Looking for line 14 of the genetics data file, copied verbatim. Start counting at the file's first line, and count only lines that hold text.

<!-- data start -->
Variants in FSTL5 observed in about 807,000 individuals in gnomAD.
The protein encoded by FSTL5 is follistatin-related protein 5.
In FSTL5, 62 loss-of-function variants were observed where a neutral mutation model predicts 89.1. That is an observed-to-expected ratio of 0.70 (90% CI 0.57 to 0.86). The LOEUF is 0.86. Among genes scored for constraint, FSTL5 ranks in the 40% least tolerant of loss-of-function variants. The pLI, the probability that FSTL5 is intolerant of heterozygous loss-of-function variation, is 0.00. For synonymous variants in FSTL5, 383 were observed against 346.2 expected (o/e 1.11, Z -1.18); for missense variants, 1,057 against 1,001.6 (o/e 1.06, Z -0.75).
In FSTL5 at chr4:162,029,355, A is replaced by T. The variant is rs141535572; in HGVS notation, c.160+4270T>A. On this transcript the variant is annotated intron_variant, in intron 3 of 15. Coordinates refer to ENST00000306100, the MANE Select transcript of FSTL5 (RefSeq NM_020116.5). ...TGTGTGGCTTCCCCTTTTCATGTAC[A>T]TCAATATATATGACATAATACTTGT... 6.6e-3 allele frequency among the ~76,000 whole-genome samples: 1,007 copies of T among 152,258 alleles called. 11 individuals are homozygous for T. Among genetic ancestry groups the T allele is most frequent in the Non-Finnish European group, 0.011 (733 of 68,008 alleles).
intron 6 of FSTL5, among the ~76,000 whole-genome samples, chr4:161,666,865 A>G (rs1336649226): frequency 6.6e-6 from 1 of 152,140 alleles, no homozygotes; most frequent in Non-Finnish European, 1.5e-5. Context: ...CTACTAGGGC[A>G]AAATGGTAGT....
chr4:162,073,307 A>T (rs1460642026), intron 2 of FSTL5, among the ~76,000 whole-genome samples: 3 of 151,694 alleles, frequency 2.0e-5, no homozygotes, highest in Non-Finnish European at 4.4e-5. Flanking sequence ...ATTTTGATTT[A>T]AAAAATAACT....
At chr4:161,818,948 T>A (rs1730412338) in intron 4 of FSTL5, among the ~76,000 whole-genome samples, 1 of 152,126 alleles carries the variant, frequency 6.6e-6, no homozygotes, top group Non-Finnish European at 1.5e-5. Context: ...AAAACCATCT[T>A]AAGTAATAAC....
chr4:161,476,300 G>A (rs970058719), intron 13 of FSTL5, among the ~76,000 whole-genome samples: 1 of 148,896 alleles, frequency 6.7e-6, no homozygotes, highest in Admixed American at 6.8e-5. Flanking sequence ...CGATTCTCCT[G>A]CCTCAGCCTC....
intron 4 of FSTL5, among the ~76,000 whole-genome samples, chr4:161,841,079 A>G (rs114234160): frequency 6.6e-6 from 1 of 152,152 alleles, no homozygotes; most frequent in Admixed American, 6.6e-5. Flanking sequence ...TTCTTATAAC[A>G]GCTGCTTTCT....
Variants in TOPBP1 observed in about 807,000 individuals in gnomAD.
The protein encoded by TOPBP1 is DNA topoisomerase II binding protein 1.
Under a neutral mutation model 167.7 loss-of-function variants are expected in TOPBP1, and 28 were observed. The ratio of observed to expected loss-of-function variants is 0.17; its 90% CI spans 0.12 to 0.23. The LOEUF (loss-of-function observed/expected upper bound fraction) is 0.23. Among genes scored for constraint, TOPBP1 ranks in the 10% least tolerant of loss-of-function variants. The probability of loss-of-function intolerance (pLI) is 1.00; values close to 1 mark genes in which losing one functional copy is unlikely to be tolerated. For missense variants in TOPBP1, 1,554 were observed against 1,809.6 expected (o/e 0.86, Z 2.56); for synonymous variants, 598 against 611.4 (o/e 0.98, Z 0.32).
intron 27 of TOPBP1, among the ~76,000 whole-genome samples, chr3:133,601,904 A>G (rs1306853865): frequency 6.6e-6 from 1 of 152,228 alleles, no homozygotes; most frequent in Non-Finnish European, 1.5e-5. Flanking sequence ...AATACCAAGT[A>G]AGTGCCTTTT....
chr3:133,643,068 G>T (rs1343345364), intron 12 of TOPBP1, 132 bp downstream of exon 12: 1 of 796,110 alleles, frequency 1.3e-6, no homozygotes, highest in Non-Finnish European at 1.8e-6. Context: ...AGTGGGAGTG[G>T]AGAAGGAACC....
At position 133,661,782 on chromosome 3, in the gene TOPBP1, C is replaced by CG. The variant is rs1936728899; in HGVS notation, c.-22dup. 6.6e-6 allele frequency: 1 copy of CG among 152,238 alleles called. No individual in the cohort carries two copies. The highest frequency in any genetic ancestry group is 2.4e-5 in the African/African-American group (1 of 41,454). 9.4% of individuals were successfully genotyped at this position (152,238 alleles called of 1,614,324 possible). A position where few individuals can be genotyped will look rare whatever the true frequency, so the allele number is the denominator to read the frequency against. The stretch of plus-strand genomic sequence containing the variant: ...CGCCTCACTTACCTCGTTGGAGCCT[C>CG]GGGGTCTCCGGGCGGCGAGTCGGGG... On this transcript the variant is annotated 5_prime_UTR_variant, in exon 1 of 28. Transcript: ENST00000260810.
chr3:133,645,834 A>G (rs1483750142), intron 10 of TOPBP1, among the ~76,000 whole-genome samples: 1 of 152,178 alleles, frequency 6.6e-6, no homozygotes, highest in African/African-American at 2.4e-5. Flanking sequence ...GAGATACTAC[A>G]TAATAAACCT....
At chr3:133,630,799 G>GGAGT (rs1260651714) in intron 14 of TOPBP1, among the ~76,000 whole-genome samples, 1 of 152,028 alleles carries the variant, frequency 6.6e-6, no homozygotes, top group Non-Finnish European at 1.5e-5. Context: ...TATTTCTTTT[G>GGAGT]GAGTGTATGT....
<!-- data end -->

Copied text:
chr3:133,643,068 G>T (rs1343345364), intron 12 of TOPBP1, 132 bp downstream of exon 12: 1 of 796,110 alleles, frequency 1.3e-6, no homozygotes, highest in Non-Finnish European at 1.8e-6. Context: ...AGTGGGAGTG[G>T]AGAAGGAACC....